Charlton Heston stars as Dr. Robert Neville, one of the last individuals left alive after a world-wide plague. Thanks to a self-administered injection of serum, he’s immune to the disease. He continues his research in his personal fortress/arsenal, safe from the attacks of nocturnal mutants. Although The Omega Man was released seven years later, it seems more dated, compared to its predecessor, with its multiple late ‘60s/early ‘70s pop culture references. Also, we never learn about Neville’s past, and the mutants are portrayed in more black and white terms. But Heston creates a memorable performance, as Neville tries to maintain his sanity and decorum (watch him sporting some groovy threads that would make Austin Powers jealous). His dialogue with himself is funny and poignant. Rosalind Cash is also appealing as the plucky human survivor Lisa.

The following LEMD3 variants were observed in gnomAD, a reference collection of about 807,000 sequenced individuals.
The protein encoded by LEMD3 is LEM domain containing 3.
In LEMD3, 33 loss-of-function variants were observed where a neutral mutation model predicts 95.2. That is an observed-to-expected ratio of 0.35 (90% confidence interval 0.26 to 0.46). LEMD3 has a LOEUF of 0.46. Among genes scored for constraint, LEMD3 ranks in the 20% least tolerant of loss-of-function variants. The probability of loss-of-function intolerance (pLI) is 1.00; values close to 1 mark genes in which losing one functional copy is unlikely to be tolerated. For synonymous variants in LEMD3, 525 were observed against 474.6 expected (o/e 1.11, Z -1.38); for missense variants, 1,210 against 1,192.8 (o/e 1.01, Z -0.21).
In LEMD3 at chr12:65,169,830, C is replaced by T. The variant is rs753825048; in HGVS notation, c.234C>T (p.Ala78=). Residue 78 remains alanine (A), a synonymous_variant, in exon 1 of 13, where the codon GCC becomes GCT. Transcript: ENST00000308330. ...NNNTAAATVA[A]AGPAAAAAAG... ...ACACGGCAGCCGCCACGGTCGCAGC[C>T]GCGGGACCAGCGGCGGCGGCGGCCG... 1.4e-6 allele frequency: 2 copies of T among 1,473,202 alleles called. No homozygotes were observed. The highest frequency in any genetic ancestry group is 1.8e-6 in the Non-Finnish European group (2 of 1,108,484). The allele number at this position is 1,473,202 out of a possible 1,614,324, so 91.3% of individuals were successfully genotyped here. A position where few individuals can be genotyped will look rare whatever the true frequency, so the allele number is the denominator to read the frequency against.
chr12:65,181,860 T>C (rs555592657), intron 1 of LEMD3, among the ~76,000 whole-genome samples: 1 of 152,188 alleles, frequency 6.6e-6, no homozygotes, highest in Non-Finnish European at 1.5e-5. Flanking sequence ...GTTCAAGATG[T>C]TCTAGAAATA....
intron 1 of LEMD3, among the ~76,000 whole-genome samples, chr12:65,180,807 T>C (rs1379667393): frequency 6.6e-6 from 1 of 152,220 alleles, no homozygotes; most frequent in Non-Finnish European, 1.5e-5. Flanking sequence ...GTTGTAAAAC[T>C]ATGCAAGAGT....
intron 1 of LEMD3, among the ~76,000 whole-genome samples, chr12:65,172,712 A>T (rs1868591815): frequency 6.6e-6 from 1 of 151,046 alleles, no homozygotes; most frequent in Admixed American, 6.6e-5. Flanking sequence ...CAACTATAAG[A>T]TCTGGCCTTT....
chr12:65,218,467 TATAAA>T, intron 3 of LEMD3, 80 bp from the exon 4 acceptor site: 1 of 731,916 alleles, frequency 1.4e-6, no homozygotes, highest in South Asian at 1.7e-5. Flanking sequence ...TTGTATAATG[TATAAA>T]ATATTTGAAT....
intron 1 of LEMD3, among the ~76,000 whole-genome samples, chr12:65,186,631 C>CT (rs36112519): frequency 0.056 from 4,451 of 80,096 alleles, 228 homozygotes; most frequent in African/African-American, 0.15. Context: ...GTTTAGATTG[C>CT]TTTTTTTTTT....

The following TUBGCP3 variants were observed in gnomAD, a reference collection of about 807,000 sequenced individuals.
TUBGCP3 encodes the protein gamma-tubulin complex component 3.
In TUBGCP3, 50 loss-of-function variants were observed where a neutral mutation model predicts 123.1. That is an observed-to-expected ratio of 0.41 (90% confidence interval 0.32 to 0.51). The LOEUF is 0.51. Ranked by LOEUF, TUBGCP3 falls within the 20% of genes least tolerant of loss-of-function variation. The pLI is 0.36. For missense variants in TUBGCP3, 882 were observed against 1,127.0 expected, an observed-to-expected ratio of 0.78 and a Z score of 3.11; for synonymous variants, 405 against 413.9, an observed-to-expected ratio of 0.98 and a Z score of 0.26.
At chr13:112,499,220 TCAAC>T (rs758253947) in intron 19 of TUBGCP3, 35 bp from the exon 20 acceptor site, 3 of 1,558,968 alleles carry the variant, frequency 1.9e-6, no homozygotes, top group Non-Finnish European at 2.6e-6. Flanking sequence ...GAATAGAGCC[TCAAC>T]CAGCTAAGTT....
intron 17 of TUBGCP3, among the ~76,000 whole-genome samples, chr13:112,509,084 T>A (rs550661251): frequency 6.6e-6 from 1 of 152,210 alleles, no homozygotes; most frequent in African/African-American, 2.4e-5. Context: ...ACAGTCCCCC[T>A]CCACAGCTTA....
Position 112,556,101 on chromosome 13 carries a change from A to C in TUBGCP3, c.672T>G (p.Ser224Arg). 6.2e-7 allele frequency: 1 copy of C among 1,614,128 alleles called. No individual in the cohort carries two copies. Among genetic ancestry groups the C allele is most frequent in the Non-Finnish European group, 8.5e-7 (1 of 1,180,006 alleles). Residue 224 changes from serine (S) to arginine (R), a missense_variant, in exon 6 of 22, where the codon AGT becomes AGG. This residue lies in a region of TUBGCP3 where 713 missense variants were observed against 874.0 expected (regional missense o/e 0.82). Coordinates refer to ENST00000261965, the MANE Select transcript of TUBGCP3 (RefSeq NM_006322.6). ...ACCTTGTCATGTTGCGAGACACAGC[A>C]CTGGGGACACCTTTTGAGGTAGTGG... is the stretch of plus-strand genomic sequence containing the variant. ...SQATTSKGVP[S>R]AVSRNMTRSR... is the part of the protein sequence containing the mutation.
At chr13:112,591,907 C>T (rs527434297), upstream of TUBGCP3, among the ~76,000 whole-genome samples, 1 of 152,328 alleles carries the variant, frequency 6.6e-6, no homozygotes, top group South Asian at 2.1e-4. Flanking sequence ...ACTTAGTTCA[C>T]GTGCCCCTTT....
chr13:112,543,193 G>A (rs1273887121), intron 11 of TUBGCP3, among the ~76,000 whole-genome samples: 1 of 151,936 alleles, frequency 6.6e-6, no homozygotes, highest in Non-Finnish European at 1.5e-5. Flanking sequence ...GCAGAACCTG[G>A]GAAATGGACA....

Co-writer Joyce Hooper Corrington stated she chose to stray from the original novel’s concept of vampires, instead, focusing on a man-made plague and the consequences of biological warfare. While most of the world’s population was killed outright, some humans remain, along with a horde of vengeful albino mutants. Led by the charismatic zealot Matthias (Anthony Zerbe), they vow to rid the world of the last vestiges of the old society, including technology, books and artwork.
The film’s ending, involving a blatant Christ-figure allegory, strays from the original’s conclusion, and provides a glimmer of hope for humanity. A serum derived from Neville’s blood holds the key to fighting the plague. The few human survivors leave for a mountain retreat, away from the mutant-infested city, and off to an uncertain future.
I Am Legend (2007) Directed by: Francis Lawrence; Written by: Mark Protosevich and Akiva Goldsman; Starring: Will Smith, Alice Braga, Charlie Tahan, Salli Richardson-Whitfield and Willow Smith; Available on Blu-ray and DVD